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Temperature control for machined parts: an overview for buyers

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Temperature changes have a huge influence on the accuracy and specification of machined parts. Buyers need to understand the impact these variations have on the production and inspection of machining parts; as well as how machining suppliers mitigate and control these variations.


What causes temperature changes in machining?


There are lots of different factors that affect the relationship between temperature changes and finished shape, and they all need to be controlled or compensated for in order to maintain the precision and integrity of the part.


These include:


• Geometry of the machined part
• The material properties of the part
• Which alloys are used
• Any part conditioning that is required
• Friction created in the machining process
• Ambient temperature of the machine shop, or inspection room

 

What are the consequences of temperature change on my machined part?

As a buyer, you’re obviously not going to be involved in any of the temperature control processes in production. But you do need to understand how controlling temperature can impact lead times, the implications for tolerance specifications and cost and ensure you buy from machining suppliers who are skilled in controlling temperature.

Machining tolerances are tight, with the margin for specification error equally so. Failure to control temperature will lead to parts that are out of spec at the inspection and metrology stage. 

That’s because temperature changes have a huge impact on parts being potentially out of specification and tolerance. The coefficient of thermal expansion of Aluminium is 24 x 10-6/oC . That’s twice that of iron, and means a 500mm component will grow by 12 microns per oC. 12 microns can seem miniscule, but as a machine shop’s temperature can easily vary by 10oC , this is more than 0.1mm. That’s a huge tolerance issue when it comes to hitting part specification.

Consider temperature changes at the DFM stage

Complex geometries in part design, in addition to the choice of alloys used will impact temperature changes. Consequently, this will affect lead times, cost and scheduling of your machined part. As a buyer, you can help minimise these impacts by considering temperature changes at the DFM stage, working with your machining supplier to design the most efficient part possible.


How can you control for temperature changes?

Machining suppliers compensate for, and control temperature changes in two main ways.

Temperature controlled environment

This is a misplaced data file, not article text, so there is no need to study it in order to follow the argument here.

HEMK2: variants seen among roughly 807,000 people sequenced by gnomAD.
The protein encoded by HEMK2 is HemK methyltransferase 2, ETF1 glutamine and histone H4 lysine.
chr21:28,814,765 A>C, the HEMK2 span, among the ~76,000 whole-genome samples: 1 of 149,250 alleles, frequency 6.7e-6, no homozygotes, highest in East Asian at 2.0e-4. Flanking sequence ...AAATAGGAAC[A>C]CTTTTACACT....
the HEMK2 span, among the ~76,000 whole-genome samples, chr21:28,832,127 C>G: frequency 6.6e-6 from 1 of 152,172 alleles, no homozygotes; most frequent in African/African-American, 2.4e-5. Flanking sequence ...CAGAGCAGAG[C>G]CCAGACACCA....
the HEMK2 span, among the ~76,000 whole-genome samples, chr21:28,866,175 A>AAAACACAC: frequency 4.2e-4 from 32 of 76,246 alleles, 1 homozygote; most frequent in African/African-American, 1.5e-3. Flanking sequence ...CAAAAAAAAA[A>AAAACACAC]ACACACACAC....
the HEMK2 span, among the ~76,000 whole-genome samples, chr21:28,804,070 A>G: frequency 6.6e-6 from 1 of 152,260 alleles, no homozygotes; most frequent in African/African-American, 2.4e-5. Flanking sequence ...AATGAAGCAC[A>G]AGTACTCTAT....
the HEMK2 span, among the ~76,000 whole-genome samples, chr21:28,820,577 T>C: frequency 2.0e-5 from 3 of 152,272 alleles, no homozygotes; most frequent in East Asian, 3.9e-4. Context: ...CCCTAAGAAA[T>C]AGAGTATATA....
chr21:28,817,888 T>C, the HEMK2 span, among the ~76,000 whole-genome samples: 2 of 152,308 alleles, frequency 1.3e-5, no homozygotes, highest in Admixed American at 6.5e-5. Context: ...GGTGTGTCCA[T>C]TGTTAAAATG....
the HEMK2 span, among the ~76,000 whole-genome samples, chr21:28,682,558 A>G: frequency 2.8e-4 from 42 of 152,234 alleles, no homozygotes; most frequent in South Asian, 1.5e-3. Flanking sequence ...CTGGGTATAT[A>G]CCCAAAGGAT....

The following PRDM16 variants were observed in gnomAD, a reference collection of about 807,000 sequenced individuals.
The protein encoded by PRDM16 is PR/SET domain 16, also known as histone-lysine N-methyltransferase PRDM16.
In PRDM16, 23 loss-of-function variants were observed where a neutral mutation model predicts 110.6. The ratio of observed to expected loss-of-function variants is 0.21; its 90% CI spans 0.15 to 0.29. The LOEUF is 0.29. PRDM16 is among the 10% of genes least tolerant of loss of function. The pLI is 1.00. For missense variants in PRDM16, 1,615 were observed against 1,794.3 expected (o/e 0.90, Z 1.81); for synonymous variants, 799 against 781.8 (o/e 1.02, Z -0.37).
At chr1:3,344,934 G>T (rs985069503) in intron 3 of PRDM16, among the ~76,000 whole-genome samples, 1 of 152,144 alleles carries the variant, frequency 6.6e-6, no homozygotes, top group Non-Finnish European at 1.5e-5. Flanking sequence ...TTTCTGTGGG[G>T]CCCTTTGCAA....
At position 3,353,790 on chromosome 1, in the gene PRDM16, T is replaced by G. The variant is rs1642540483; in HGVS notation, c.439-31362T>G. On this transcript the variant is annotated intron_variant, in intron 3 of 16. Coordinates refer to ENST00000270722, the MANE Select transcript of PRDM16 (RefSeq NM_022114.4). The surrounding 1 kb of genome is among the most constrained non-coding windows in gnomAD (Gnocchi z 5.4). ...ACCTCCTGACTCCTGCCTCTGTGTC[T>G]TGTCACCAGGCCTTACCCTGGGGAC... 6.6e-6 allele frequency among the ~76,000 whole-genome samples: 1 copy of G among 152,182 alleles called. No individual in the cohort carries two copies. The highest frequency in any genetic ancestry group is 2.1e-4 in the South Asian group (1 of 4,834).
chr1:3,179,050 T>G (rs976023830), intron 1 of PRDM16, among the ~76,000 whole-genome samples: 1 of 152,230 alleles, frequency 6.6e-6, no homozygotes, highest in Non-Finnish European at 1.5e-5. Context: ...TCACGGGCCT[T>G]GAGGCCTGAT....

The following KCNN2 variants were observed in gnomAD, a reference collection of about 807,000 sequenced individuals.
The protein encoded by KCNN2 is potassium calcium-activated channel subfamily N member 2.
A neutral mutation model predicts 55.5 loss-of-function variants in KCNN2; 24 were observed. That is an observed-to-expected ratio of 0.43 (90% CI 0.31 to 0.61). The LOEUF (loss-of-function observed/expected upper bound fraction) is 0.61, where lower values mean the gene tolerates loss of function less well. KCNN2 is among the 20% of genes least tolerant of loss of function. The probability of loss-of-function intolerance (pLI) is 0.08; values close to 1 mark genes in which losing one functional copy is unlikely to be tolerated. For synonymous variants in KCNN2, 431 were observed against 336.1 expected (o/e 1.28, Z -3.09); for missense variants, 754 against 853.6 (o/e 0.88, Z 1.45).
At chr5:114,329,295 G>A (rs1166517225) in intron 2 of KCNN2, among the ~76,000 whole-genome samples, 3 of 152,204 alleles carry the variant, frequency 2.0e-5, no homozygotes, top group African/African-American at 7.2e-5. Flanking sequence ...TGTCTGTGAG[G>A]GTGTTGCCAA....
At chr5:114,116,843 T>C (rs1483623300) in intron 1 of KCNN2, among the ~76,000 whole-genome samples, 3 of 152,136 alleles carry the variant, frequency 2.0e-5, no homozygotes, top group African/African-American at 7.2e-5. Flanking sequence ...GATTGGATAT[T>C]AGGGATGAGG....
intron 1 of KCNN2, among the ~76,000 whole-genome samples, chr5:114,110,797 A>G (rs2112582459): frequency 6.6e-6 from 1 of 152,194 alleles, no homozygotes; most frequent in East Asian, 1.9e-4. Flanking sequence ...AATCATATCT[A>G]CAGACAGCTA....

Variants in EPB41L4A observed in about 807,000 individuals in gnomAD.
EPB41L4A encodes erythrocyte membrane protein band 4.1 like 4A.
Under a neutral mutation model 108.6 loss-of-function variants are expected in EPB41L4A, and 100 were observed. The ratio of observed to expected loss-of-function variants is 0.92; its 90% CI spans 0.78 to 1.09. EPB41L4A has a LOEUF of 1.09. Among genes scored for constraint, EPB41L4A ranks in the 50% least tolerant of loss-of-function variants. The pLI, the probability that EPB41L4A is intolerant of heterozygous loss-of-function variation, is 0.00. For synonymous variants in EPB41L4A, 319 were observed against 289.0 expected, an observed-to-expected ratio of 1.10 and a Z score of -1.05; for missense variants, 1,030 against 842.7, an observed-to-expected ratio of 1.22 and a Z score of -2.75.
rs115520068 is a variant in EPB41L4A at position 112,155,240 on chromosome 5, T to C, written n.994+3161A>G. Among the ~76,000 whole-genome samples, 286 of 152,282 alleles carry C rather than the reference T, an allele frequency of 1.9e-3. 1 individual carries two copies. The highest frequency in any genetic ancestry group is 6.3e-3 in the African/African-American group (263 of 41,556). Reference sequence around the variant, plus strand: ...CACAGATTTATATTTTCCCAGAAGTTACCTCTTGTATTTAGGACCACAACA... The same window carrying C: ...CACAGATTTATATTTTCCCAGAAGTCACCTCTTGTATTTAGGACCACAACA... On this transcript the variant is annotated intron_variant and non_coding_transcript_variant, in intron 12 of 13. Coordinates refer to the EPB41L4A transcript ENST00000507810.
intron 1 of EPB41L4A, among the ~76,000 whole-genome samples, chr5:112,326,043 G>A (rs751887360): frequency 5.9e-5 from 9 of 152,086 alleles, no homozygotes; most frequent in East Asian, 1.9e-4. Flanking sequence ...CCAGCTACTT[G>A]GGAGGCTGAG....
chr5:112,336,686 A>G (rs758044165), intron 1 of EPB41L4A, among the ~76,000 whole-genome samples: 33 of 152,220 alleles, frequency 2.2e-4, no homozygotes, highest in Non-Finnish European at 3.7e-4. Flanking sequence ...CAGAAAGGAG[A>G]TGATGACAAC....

The industry standard for a temperature controlled room is +/- 2oC. A purpose built, temperature controlled environment is the most precise method to control temperature in machining, but it’s also the most expensive. Consequently, many machining shops do not have this facility; relying on soaking the parts to temperature instead.


Soaking
Without a specially controlled temperature environment, machine suppliers must soak the parts in order to bring them up to the required temperature. The time required for this depends on the overall mass, the alloys used and the geometry; which can all significantly impact lead times.

Implications of temperature changes as a buyer

It’s important to make sure you fully understand the methods your supplier uses to control or compensate for temperature changes. Different temperature control methods will have different impacts on lead times and costs, making them important considerations for your budget, schedule and supply chain.

You also need to be able to trust your supplier's metrology checks. Make sure you know if the inspection room is temperature controlled, and if it is, to what degree of accuracy.

Understand too, that even if the inspection room is temperature controlled, it’s likely that the main machining hall isn’t. If this is the case, ask how long your supplier will soak your parts before inspection, as well as where they will do it.

Want to know more about tolerance specification and measurement? Read our blog on how to know if your part is in tolerance.


Conclusion

Temperature control is vital for machining suppliers. But understanding the impact of temperature changes as a buyer will help ensure your parts are machined precisely, as well as there being no surprises in cost or lead time.

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